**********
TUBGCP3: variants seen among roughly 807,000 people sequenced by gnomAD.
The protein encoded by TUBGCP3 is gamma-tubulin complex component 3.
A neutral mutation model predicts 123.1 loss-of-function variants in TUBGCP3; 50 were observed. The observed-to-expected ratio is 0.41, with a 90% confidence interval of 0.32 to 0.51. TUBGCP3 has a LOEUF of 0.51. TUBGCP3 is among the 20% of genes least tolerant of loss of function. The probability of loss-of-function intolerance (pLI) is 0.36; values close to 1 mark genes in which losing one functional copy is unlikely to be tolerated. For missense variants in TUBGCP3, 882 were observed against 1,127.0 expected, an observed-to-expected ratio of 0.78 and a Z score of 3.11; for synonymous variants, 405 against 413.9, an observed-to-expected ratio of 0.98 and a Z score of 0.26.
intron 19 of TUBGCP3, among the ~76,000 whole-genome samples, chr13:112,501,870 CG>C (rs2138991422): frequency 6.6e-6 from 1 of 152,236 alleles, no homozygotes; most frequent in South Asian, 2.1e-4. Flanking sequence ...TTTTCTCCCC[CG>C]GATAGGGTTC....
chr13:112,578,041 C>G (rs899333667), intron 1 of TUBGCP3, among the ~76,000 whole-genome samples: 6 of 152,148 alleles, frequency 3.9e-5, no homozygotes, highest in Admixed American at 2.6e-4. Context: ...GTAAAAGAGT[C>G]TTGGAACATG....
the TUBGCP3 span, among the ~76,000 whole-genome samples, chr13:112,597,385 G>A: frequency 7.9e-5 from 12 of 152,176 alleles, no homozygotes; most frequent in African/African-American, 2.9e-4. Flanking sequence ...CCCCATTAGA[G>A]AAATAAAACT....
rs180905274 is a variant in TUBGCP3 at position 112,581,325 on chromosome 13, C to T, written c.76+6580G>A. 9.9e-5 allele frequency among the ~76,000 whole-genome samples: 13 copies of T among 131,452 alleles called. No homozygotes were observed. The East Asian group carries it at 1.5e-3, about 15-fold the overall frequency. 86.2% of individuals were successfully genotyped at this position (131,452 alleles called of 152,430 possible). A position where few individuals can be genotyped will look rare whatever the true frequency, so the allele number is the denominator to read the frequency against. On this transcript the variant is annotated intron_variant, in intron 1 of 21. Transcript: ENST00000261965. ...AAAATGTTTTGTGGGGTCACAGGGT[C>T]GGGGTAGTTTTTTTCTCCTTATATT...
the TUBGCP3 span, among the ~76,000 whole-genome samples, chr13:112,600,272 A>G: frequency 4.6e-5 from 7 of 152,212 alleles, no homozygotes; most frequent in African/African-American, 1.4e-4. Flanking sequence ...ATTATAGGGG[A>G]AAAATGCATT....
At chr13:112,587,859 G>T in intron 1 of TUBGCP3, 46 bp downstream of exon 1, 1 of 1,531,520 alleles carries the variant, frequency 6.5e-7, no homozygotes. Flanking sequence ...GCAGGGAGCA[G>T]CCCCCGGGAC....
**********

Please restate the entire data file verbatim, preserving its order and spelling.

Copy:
TUBGCP3: variants seen among roughly 807,000 people sequenced by gnomAD.
The protein encoded by TUBGCP3 is gamma-tubulin complex component 3.
A neutral mutation model predicts 123.1 loss-of-function variants in TUBGCP3; 50 were observed. The observed-to-expected ratio is 0.41, with a 90% confidence interval of 0.32 to 0.51. TUBGCP3 has a LOEUF of 0.51. TUBGCP3 is among the 20% of genes least tolerant of loss of function. The probability of loss-of-function intolerance (pLI) is 0.36; values close to 1 mark genes in which losing one functional copy is unlikely to be tolerated. For missense variants in TUBGCP3, 882 were observed against 1,127.0 expected, an observed-to-expected ratio of 0.78 and a Z score of 3.11; for synonymous variants, 405 against 413.9, an observed-to-expected ratio of 0.98 and a Z score of 0.26.
intron 19 of TUBGCP3, among the ~76,000 whole-genome samples, chr13:112,501,870 CG>C (rs2138991422): frequency 6.6e-6 from 1 of 152,236 alleles, no homozygotes; most frequent in South Asian, 2.1e-4. Flanking sequence ...TTTTCTCCCC[CG>C]GATAGGGTTC....
chr13:112,578,041 C>G (rs899333667), intron 1 of TUBGCP3, among the ~76,000 whole-genome samples: 6 of 152,148 alleles, frequency 3.9e-5, no homozygotes, highest in Admixed American at 2.6e-4. Context: ...GTAAAAGAGT[C>G]TTGGAACATG....
the TUBGCP3 span, among the ~76,000 whole-genome samples, chr13:112,597,385 G>A: frequency 7.9e-5 from 12 of 152,176 alleles, no homozygotes; most frequent in African/African-American, 2.9e-4. Flanking sequence ...CCCCATTAGA[G>A]AAATAAAACT....
rs180905274 is a variant in TUBGCP3 at position 112,581,325 on chromosome 13, C to T, written c.76+6580G>A. 9.9e-5 allele frequency among the ~76,000 whole-genome samples: 13 copies of T among 131,452 alleles called. No homozygotes were observed. The East Asian group carries it at 1.5e-3, about 15-fold the overall frequency. 86.2% of individuals were successfully genotyped at this position (131,452 alleles called of 152,430 possible). A position where few individuals can be genotyped will look rare whatever the true frequency, so the allele number is the denominator to read the frequency against. On this transcript the variant is annotated intron_variant, in intron 1 of 21. Transcript: ENST00000261965. ...AAAATGTTTTGTGGGGTCACAGGGT[C>T]GGGGTAGTTTTTTTCTCCTTATATT...
the TUBGCP3 span, among the ~76,000 whole-genome samples, chr13:112,600,272 A>G: frequency 4.6e-5 from 7 of 152,212 alleles, no homozygotes; most frequent in African/African-American, 1.4e-4. Flanking sequence ...ATTATAGGGG[A>G]AAAATGCATT....
At chr13:112,587,859 G>T in intron 1 of TUBGCP3, 46 bp downstream of exon 1, 1 of 1,531,520 alleles carries the variant, frequency 6.5e-7, no homozygotes. Flanking sequence ...GCAGGGAGCA[G>T]CCCCCGGGAC....